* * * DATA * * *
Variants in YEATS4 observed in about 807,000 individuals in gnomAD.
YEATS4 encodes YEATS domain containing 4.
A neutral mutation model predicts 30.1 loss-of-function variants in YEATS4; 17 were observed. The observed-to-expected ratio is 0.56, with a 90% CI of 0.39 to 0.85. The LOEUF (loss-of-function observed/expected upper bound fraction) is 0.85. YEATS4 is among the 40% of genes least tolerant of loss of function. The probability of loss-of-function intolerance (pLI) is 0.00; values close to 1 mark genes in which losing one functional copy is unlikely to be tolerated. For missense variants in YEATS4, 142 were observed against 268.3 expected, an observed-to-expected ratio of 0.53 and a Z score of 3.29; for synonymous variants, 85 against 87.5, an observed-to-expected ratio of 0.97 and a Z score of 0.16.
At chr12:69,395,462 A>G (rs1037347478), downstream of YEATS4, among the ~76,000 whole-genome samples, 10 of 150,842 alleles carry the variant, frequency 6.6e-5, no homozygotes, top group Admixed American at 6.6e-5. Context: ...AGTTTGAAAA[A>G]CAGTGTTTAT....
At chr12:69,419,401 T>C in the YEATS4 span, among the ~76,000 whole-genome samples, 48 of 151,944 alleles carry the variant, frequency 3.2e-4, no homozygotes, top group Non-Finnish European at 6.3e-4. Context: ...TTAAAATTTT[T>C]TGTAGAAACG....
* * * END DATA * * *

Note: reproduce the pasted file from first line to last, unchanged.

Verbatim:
Variants in YEATS4 observed in about 807,000 individuals in gnomAD.
YEATS4 encodes YEATS domain containing 4.
A neutral mutation model predicts 30.1 loss-of-function variants in YEATS4; 17 were observed. The observed-to-expected ratio is 0.56, with a 90% CI of 0.39 to 0.85. The LOEUF (loss-of-function observed/expected upper bound fraction) is 0.85. YEATS4 is among the 40% of genes least tolerant of loss of function. The probability of loss-of-function intolerance (pLI) is 0.00; values close to 1 mark genes in which losing one functional copy is unlikely to be tolerated. For missense variants in YEATS4, 142 were observed against 268.3 expected, an observed-to-expected ratio of 0.53 and a Z score of 3.29; for synonymous variants, 85 against 87.5, an observed-to-expected ratio of 0.97 and a Z score of 0.16.
At chr12:69,395,462 A>G (rs1037347478), downstream of YEATS4, among the ~76,000 whole-genome samples, 10 of 150,842 alleles carry the variant, frequency 6.6e-5, no homozygotes, top group Admixed American at 6.6e-5. Context: ...AGTTTGAAAA[A>G]CAGTGTTTAT....
At chr12:69,419,401 T>C in the YEATS4 span, among the ~76,000 whole-genome samples, 48 of 151,944 alleles carry the variant, frequency 3.2e-4, no homozygotes, top group Non-Finnish European at 6.3e-4. Context: ...TTAAAATTTT[T>C]TGTAGAAACG....